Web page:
AIAA Recognizes Aerospace Engineering Professor Adam Steinberg and Colleagues for Research

AIAA Recognizes Aerospace Engineering Professor Adam Steinberg and Colleagues for Research
AIAA Combustion Best Paper Award winner Adam Steinberg, faculty at the Daniel Guggenheim School of Aerospace Engineering
Prof. Adam Steinberg

Daniel Guggenheim School of Aerospace Engineering professor Adam Steinberg is a part of a team of academic and industry experts recently recognized by the AIAA Propellants and Combustion Committee for their contributions to "Influence of Cross-Frequency Interactions on Nonstationary Thermoacoustic Oscillations in a Rich-Burn Gas Turbine Combustor at Elevated Pressure.

The paper was chosen to receive the 2019 AIAA Propellants and Combustion Best Paper Award, a distinction that will be formally conveyed during AIAA's Excellence in Aerospace Recognition Luncheon to be held August 26 in New Orleans. Joining Steinberg in this recognition will be the lead author, Mitchell L. Passarelli - one of Steinberg's doctoral students -  and Dr. Tim Wabel, a former post-doc of Steinberg's who now works at the Aerospace Corporation. The other two authors are General Electric employees, Dr. Krishna Venkatesan, and Arin Cross.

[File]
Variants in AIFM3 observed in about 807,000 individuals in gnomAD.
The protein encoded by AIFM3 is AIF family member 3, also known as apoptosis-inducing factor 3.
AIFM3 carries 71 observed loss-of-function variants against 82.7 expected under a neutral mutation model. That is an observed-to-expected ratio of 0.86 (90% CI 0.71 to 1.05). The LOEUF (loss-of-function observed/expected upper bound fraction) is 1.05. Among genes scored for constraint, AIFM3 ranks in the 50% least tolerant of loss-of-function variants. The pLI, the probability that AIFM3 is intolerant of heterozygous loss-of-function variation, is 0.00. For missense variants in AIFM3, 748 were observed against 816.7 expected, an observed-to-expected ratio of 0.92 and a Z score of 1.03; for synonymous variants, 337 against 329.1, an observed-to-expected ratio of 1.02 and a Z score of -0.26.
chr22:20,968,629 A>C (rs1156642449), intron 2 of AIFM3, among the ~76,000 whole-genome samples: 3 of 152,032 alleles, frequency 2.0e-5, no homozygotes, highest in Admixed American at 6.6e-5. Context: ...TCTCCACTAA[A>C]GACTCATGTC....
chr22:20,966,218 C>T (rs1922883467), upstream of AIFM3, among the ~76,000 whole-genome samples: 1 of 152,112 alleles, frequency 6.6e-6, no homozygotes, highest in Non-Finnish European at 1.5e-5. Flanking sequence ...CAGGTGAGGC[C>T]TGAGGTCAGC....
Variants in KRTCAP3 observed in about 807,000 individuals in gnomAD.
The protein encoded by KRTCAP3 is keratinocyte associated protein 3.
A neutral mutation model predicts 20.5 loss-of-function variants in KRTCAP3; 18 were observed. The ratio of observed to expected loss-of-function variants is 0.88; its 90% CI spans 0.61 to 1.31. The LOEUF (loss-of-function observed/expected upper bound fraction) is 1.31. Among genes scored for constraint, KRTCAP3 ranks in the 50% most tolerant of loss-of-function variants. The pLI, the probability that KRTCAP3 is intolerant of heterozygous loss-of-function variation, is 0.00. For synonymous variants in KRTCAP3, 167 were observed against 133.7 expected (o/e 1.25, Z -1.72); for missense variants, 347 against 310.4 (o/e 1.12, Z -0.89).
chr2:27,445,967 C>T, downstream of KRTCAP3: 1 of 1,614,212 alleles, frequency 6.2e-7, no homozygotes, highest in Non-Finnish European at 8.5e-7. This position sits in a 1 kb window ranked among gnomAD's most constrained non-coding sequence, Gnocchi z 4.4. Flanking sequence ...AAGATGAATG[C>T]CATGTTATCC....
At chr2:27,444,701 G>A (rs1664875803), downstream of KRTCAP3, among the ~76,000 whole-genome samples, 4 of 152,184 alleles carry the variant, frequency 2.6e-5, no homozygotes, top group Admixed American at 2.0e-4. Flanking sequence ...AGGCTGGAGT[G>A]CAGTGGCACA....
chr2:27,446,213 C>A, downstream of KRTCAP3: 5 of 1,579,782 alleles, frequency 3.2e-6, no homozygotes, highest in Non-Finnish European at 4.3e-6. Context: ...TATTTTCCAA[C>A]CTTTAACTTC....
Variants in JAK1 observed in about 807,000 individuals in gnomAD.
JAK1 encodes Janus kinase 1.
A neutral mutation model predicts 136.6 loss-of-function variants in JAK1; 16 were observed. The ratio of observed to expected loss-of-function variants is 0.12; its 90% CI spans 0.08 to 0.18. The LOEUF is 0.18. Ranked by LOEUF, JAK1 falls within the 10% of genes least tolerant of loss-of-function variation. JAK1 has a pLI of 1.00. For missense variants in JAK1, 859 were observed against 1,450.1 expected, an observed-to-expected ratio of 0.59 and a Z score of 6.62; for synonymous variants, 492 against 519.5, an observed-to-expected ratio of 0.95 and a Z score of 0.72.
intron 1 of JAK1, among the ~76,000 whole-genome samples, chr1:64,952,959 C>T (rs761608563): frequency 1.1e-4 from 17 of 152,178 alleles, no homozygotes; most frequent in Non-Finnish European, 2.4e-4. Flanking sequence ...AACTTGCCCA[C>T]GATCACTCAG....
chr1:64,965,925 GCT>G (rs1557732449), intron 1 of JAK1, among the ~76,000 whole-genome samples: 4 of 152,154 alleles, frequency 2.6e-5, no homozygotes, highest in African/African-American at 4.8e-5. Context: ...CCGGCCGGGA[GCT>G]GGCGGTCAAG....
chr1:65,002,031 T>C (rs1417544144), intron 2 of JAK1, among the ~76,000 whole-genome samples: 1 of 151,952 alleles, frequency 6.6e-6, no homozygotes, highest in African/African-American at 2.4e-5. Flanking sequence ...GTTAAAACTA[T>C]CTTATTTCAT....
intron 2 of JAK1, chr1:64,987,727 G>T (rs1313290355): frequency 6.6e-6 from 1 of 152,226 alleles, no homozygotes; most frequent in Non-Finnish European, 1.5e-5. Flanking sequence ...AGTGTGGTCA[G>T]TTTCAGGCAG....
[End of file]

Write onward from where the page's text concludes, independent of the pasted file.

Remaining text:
The paper explores the team's experiments using simultaneous high-speed optical diagnostics to study the complicated ways in which combustion, fluid mechanics, and the fuel system can couple together to drive instabilities in gas turbine combustors. Ultimately, their work showed how different processes at different frequencies can contribute to the organization of pressure fluctuations into intermittent bursts of coherent, nearly unimodal oscillations.

Explains Steinberg:

"Thermoacoustic instabilities remain one of the biggest challenges to reducing pollutant emissions from jet engines. While we have learned a lot about these instabilities from fundamental studies, our new experiments at real engine conditions, with real hardware and fuels, are revealing interesting new interactions that have not previously been seen. Results like these help change how we design combustors to be both stable and sustainable."

In addition to being published in the November 2020 edition of Aerospace America magazine, the  paper will be published in perpetuity by Aerospace Research Central (ARC) and will be listed on the Propulsion and Energy Forum's recognition page.

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